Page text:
This little article is without a doubt the most insulting and dismissive thing I have ever written about the hobby as a whole. So why did I write it? Was I having a bad day that day? To be honest, I can't remember. I wrote it, sent it in to the CCG and forgot all about it. Looking at it again months later I was surprised by its tone. So there it sits unused in the CCG library. I expect lots of bad mail if and when this one ever gets published! - Jonah

Delusional Reenactor Beliefs

by Jonah Begone

I was walking by a park in the "business campus" where I work one hot summer day, and heard some electric guitars and a "Yeah, yeah, yeah" chorus wafting my way. Looking over at the performance area I saw four guys doing a Beatles impression - there they were: "John," "Paul," "George" and "Ringo," strumming and sweating profusely in what looked like nylon mop tops and fashionable lapel-less suit coats. "Paul" was leering at and playing to a babe who seemed to be mildly interested in the performance, no doubt thinking his impression extended to the real Paul McCartney's youthful good looks. (And slender physique - you can only conceal so much with a Hofner violin bass guitar.) It didn't. "Boy, is he deluding himself," I thought. (I must note that "Ringo" was authentically homely.)

It then occurred to me that many, maybe even most, reenactors also delude themselves. As far as I know, reenacting is the only hobby where the ability to look at something, like a telephone pole or a car, for instance, and completely ignore its existence or pretend it's something it isn't, is valued. This being the case, it apparently becomes easy to labor under the following delusions:

1. I look so authentic in my uniform - overweight as I am - that if I stepped back in time nobody would be any the wiser. - Phooey. The Ted Turner mega-bore "Gettysburg" featured reenactors as extras. The 50's TV series "Victory at Sea" featured real fighting men as extras. Spot the differences. I won't articulate them here, but Judge Burger's definition of pornography seems apt: "I can't define it exactly, but I know it when I see it." The vast majority of reenactors look like reenactors, not fighting men. I doubt Victorians would be any easier to fool than I.

2. Drill is fun. - Only for morons. But don't take my word for it, take Albert Einstein's: "The man who enjoys marching in line and file to the strains of music falls below my contempt; he received his great brain by mistake--the spinal cord would have been sufficient." (My thanks to my pard Mal Stylo for discovering this favorite quote. Here are more.)

3. Authenticity is an important feature of real art. - Try telling that to any of the Renaissance masters who garbed the infant Jesus, Mary and interested onlookers in 16th C. clothing. Or an actor performing Shakespeare's Richard II in modern dress. This stuff is properly called art, and has been for centuries. Real artists are interested in effect, technique and conveying emotion, not, like brush-wielding anal retentives, painstakingly rendering hob nails. I find it highly unlikely that a hundred years from now art students will be discussing how the limited edition historical art print masters delighted the public with authentically-rendered cartridge boxes and muskets.

4. My time spent researching uniform minutiae is worthwhile. - To whom? Is this knowledge really worth having? Why? Will it somehow illuminate or improve the human condition? Or does it give an important lesson for future generations? No. This mindset is illustrative of the tendency of 90's society to assume that all information is equally useful, what I call the "Internet Syndrome." (The Internet: Where one can find a carefully-researched episode guide to Gilligan's Island.) Those who care about Civil War era uniform seams and stitches might also be interested in the effort to translate the New Testament into Klingon. (As a lesser wit is fond of writing, "I am not making this up." This effort is sponsored by the "Klingon Language Institute," which might charitably be called the "We Have Too Much Free Time Institute.")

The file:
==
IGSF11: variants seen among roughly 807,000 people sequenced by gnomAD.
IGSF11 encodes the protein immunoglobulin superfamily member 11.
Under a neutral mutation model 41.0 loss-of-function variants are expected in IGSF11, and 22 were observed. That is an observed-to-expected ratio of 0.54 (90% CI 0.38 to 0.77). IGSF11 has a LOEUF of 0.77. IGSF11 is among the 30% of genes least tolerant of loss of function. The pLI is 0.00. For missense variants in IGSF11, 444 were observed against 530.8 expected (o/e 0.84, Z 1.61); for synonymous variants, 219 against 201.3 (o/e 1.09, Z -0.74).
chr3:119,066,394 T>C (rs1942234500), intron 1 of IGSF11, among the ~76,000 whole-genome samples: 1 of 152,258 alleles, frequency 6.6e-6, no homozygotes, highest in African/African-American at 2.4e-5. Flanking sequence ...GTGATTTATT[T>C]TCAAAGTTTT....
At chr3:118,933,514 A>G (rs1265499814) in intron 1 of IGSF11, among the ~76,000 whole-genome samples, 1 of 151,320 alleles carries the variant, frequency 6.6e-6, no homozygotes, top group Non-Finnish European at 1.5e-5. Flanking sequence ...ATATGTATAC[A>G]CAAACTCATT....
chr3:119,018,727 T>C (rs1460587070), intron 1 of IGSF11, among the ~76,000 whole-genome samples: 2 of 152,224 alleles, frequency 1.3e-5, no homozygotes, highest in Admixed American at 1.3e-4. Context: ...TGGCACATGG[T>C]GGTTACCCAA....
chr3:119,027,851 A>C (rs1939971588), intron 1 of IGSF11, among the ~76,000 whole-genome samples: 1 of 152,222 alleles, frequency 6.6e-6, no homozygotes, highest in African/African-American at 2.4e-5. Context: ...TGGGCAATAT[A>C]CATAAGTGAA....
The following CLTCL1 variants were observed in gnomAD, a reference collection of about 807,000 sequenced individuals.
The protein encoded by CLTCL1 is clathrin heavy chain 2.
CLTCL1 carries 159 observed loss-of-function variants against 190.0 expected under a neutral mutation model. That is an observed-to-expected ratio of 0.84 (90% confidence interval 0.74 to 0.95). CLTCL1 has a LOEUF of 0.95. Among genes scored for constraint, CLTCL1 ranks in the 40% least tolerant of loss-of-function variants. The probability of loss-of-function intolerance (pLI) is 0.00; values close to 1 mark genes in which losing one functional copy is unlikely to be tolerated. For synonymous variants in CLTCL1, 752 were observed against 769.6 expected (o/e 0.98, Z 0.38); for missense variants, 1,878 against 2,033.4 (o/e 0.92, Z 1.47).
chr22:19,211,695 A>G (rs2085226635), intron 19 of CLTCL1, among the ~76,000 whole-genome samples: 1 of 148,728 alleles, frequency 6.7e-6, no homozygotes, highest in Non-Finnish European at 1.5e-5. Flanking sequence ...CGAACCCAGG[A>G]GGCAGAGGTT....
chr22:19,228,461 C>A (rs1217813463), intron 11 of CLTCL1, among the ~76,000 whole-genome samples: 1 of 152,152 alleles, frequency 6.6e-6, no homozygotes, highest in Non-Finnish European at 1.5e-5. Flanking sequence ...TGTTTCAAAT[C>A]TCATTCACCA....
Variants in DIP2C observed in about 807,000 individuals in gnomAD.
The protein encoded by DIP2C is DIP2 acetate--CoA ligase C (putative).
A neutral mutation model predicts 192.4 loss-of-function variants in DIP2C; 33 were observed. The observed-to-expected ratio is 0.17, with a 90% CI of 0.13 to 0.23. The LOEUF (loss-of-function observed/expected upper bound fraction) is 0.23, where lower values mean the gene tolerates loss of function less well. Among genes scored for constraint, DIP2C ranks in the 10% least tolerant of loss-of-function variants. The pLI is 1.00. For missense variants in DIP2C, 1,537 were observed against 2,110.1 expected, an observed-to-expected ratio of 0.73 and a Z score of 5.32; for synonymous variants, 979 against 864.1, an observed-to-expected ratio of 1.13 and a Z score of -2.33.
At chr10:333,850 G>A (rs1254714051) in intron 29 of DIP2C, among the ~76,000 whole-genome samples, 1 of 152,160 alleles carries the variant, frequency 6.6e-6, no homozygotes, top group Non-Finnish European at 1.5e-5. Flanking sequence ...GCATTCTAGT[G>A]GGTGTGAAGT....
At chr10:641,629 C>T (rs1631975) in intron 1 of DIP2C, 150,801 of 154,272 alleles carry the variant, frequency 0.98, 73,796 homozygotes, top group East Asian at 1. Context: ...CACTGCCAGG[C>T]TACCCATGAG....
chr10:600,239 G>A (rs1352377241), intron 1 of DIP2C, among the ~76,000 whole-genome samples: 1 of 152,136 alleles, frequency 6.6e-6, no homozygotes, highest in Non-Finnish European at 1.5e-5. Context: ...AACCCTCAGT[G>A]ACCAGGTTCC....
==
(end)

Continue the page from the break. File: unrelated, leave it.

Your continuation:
5. Reenactors are just as important as historians, indeed, we are historians. - I have yet to see any of the real historians whose works I enjoy reading appear at event weekends dressed in wool. One of them, Bruce Catton, once deplored turning wrenching, tragic historical events into merry free-for-alls. The professional study of history takes training, background, and hours upon hours of research and peer-reviewed writing. Reenactors don't do this. They usually miss the larger social implications of the American Civil War (a focus of the historian) for the seam threads and cloth content of uniforms (the focus of the hobbyist). It is far more accurate to state that reenacting can be an adjunct to the study of history.

6. "If you didn't know I was a female you wouldn't be able to tell from six feet or more away." (Also known as the Six Foot Rule.) - Every female dressed as a male that I've ever seen stuck out of the ranks like a sore thumb (or some other bodily protuberance). While I agree that there is an uncertainty principle in play, here - the absolute best cross-dressers would slide by me undetected and therefore render my statement to naught - it is nonetheless true that practically all musketpersons delude themselves. Why this should be insulting mystifies me. As far as male/female physical appearance goes, I say "Vive la difference!" One perceptive writer (a Reb, yet!), in a letter to the Washington Post, stated that the female musketman phenomenon has more to do with 90's in-your-face feminism than authenticity. Bullseye!

7. Allowing women to take part in reenacted battles is only fair. - To whom? The guys who reenact to get away from 20th C. pressures and annoyances (which could include in-your-face feminism)? No. Hardcores? No. Event sponsors, who must attempt to please everyone? No. To the women who take pride in performing a more traditional impression but who may get little credit from their more politically-charged sisters in gray or blue? No. To the spectators, who may wonder about, giggle at or get confused at the sight of femmes with weapons? No. To the honored dead, for whom we profess to do all this stuff? Well, I'll let them respond. (Silence.)

8. We're soldiers. - We are not. Real soldiers face unimaginable privations, hardships and danger that the great majority of reenactors cannot imagine, let alone endure cheerfully. Yet, I'll read an account of a reenactment tactical where the writer gushes on about how a ragtag body of office-bound hobbyists have become a "cohesive fighting force," or some other such overwrought metaphor - all in the course of a rainy weekend. Caterpillars can make such a dramatic metamorphosis in a short time; reenactors cannot.